Despite playing three years in the Rangers minor league system, Coalter was never given a chance to show his stuff at the NHL level. Prior to the 1973-74 season, Gary was traded by the Rangers to the California Golden Seals. Gary spent most of the year with the Seals farm team in Salt Lake, but did make his NHL debut that year, cracking the Seals’ lineup for four games in 1973-74. His call up was a reward for his strong season in the WHL, as he notched a career high 38 goals to go along with 69 points.

Coalter was given his best shot at the NHL in 1974-75. However it wasn't with California, but the Kansas City Scouts, who claimed him in the expansion draft that summer. He appeared in 30 games with the Scouts, scoring 2 goals and 4 assists, while playing the rest of the year in the AHL.

That however proved to be Gary's final appearance in the NHL. He went on to join the Springfield Indians for the 1975-76 campaign and then the NAHL's Maine Nordiques - where he set personal career highs with 54 assists and 85 points in 74 games.

Coalter then played his last two years of pro hockey with the Philadelphia Firebirds of the AHL, hanging up the skates after the 1978-79 season.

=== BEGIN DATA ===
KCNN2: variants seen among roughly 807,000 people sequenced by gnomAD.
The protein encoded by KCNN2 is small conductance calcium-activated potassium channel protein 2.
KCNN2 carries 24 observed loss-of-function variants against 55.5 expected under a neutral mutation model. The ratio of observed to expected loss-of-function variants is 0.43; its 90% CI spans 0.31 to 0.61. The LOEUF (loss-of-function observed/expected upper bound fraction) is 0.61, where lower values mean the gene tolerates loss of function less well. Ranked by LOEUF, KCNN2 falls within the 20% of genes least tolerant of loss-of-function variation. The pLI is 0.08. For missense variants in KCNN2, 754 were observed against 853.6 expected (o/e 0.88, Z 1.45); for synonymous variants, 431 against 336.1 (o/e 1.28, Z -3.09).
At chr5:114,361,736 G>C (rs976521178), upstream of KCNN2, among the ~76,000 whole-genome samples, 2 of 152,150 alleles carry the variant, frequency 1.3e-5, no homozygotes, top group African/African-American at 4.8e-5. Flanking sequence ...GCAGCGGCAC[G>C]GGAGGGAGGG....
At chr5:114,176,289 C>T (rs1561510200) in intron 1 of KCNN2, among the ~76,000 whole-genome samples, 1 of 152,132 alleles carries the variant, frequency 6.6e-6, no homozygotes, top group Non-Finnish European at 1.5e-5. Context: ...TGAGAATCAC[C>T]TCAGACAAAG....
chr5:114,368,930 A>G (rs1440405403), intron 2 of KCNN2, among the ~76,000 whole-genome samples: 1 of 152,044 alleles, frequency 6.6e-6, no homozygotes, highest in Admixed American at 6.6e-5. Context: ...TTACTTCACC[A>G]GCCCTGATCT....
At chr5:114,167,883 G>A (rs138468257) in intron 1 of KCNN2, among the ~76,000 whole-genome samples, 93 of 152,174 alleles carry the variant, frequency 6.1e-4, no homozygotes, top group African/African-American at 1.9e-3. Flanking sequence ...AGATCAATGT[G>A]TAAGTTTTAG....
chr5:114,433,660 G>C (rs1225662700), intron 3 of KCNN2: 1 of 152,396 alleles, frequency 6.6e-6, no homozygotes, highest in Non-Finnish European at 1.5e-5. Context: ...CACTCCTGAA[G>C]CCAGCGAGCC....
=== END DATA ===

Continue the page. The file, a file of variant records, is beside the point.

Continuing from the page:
Gary's first NHL goal ranks as a personal highlight.

"I actually did score one goal against the Toronto Maple Leafs and that was my hometown. Coming in to play against them and beating them … actually, we beat them in Kansas City. But playing against them was an exciting memory for me."

Gary has been working in the construction industry in the Toronto area after his hockey career.

Gary Edwards

Gary Edwards was the first ever entry draft selection of the St. Louis Blues. The Blues, who opted not to select players in their first year (1967), selected Gary 6th overall in 1968.

Despite such a lofty draft position, Gary's career in St. Louis was short. Though he stayed in the Blues system until the summer of 1971, he only appeared in 8 minutes of action with the Blues. Instead Gary spent most of his time bouncing around the minor leagues. When he did get called up to St. Louis he backed up living legends Glenn Hall and Jacques Plante.